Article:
Lack of proper planning and an inefficient method of collecting discarded clothes at Amma Mandapam bathing ghat in Srirangam, have evoked strong reactions from devotees.
The bathing ghat, situated on the northern banks of Cauvery river, is considered a holy spot for performing of obsequies to ancestors and forefathers. It attracts a large number of devotees from different parts of Tamil Nadu and northern States. The bathing ghat is busy on Amavasya (new moon) days.
The upkeep of the premises, which is owned by the Sri Ranganathaswamy Temple under Hindu Religious and Charitable Endowments Department, and the collection of discarded clothes, have been major issues for long. While the temple administration has the responsibility of collecting clothes and other abandoned items, the Tiruchi Corporation takes care of maintaining the toilets and urinals.
According to a rough estimate, about 100 bags of clothes are discarded in the bathing ghat every day. While the water flow washes away some, most of the garments and abandoned items get stuck in the bathing ghat itself. Though the temple administration has a system to collect the clothes, it is alleged that there are gaps in implementation. Lack of proper planning and inefficient monitoring mechanism have led to the accumulation of clothes in the ghat, devotees say. The floating clothes invariably drift towards the devotees who take a holy dip in the Cauvery after performing their pujas. Many among the devotees have become livid with the officials concerned for the sorry state of affairs.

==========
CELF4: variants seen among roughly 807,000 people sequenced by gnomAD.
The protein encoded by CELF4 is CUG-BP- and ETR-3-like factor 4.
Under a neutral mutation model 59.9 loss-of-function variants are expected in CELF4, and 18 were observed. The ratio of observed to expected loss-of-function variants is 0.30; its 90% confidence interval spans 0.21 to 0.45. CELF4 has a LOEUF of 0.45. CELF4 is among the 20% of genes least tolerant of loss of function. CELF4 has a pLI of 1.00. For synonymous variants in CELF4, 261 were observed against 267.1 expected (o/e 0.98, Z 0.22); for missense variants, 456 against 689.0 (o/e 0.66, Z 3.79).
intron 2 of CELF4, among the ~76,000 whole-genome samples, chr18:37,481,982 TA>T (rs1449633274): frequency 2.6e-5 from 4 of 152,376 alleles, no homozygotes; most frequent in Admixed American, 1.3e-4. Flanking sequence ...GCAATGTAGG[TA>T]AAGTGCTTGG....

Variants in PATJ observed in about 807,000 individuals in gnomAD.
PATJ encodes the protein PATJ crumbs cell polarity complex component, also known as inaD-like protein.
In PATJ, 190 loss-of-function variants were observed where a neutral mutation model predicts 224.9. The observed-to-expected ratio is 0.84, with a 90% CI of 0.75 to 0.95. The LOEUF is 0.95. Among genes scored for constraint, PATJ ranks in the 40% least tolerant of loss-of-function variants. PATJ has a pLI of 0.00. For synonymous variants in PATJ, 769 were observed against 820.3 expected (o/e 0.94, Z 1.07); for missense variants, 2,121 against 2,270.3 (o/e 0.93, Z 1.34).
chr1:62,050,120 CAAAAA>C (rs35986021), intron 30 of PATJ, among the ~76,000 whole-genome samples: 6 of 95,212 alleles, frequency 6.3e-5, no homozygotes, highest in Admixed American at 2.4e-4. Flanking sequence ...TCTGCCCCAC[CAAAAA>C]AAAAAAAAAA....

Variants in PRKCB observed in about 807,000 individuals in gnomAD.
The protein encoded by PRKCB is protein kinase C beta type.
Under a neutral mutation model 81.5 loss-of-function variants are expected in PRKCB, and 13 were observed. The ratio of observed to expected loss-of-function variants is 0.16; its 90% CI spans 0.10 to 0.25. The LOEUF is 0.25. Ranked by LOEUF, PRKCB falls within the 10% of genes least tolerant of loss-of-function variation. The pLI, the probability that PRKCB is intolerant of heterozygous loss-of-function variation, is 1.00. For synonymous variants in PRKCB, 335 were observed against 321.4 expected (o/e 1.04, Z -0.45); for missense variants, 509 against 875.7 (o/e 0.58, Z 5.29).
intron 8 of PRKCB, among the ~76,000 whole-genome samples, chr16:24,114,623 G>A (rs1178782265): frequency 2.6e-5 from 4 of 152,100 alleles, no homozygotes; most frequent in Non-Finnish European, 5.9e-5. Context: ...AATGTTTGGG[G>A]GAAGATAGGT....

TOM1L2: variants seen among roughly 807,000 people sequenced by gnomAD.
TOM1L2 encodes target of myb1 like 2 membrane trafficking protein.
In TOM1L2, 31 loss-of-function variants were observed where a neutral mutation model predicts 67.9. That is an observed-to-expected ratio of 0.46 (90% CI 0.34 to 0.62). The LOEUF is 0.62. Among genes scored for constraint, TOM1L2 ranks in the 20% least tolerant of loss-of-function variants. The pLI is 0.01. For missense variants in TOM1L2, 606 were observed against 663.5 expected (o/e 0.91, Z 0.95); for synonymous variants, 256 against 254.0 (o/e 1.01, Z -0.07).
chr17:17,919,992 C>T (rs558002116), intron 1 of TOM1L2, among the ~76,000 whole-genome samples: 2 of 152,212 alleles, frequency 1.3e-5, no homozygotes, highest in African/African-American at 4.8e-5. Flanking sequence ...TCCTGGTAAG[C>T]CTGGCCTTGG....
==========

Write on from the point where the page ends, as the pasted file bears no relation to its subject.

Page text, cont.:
According to sources, the temple generates a revenue of about ₹50 lakh per year by renting out shops and auctions from Amma Mandapam alone. But it is alleged that it has not employed sufficient staff to maintain the premises. “The inefficient cleaning mechanism has forced us to intervene. We have employed two persons for cleaning the premises and spend ₹25,000 a month towards their salary,” says V. Jayakumar, president of Purohithargal Sangam at Amma Mandapam.
When contacted, Corporation Commissioner R. Vaithinathan said 50 persons had been employed for cleaning up areas in and around Amma Mandapam. The cleaning and maintenance of urinals and toilets had been monitored on a daily basis. However, collection of discarded clothes was not under the purview of the civic body as the ghat is not owned by it.
A priest said that the temple administration could not shy away from the responsibility of keeping the premises clean and neat. It should take steps to employ at least 10 persons to ensure the cleanliness of Amma Mandapam. The Collector should visit the place to take stock of the ground situation and discuss the issues with stakeholders to find a solution.